No one can be very shocked that the CIA, or any other spy agency, has the capabilities the WikiLeaks documents allege that it does. What's shocking is that we didn't find out sooner. In an intelligence community that has become populated by rogue whistleblowers (or, as the Michael Flynn case suggests, rogue employees on a vendetta) and in which our most trusted and guarded information networks have become extremely porous, the mission motto of the 1992 Robert Redford movie Sneakers - "No More Secrets" - may be coming to pass before our eyes.

Fortunately, however, there is a silver lining to all these dark shadows.  [Read More:  Herman/nationalreview/10March2017]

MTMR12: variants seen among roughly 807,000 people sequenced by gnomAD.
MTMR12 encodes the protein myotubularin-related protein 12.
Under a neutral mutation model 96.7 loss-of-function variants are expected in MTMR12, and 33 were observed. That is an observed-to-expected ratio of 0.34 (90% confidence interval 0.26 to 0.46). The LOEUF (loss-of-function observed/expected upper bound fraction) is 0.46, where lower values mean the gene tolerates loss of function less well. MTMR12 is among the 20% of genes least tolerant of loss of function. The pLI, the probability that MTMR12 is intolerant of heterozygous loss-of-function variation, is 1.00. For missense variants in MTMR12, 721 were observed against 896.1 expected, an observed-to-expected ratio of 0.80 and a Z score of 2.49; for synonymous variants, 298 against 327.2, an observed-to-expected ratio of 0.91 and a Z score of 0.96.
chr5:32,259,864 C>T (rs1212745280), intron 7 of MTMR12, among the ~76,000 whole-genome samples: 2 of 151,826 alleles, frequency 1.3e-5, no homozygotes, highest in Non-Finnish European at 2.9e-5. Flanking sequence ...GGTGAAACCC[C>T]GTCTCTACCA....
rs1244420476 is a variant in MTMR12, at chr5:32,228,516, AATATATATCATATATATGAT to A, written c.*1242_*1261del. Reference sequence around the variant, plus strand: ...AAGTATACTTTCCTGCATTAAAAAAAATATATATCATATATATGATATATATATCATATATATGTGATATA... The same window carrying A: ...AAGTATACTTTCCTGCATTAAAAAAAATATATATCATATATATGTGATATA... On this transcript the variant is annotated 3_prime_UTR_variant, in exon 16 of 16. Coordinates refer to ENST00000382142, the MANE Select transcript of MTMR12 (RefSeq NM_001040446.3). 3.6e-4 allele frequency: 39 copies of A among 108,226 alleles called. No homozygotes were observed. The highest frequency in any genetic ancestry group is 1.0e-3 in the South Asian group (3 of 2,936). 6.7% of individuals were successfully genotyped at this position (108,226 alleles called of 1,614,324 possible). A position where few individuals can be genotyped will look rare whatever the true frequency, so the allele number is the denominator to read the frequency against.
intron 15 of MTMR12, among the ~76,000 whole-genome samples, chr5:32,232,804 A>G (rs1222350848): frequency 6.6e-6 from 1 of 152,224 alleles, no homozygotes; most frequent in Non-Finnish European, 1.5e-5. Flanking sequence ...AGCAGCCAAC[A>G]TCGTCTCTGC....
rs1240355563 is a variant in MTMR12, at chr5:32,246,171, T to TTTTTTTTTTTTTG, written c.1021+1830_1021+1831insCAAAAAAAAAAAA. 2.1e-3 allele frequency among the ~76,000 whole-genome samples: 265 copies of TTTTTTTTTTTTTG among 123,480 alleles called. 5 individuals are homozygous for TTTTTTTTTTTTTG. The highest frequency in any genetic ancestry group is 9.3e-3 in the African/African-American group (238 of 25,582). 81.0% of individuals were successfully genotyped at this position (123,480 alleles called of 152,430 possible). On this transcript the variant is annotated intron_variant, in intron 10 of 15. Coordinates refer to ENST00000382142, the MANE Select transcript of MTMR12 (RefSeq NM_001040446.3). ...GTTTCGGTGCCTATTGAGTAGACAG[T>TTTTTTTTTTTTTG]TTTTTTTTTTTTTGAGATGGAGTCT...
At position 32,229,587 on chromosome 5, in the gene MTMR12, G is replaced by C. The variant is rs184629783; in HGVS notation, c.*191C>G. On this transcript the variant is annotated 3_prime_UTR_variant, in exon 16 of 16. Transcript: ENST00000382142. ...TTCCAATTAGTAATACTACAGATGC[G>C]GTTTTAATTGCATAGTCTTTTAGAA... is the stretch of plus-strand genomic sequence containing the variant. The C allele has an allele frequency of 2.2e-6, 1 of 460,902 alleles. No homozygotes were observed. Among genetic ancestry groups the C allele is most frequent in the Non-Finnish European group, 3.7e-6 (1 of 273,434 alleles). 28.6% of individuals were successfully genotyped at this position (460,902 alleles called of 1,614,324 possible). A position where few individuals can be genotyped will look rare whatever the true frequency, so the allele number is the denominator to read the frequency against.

The Wikipedia for Spies - and Where It Goes From Here.  Major General Dale Meyerrose jokes that he doesn't think much of millennials. But he does largely credit that generation with fundamentally changing the way the US intelligence community collaborates.

In 2005, when Meyerrose worked as the Associate Director of National Intelligence, he was tasked with figuring out how to get 16 different spy agencies - all accustomed to decades of siloed secrecy - to talk to each other. In the end, one of his most lasting accomplishments was championing a small grassroots effort led by young analysts that resulted in what would become Intellipedia.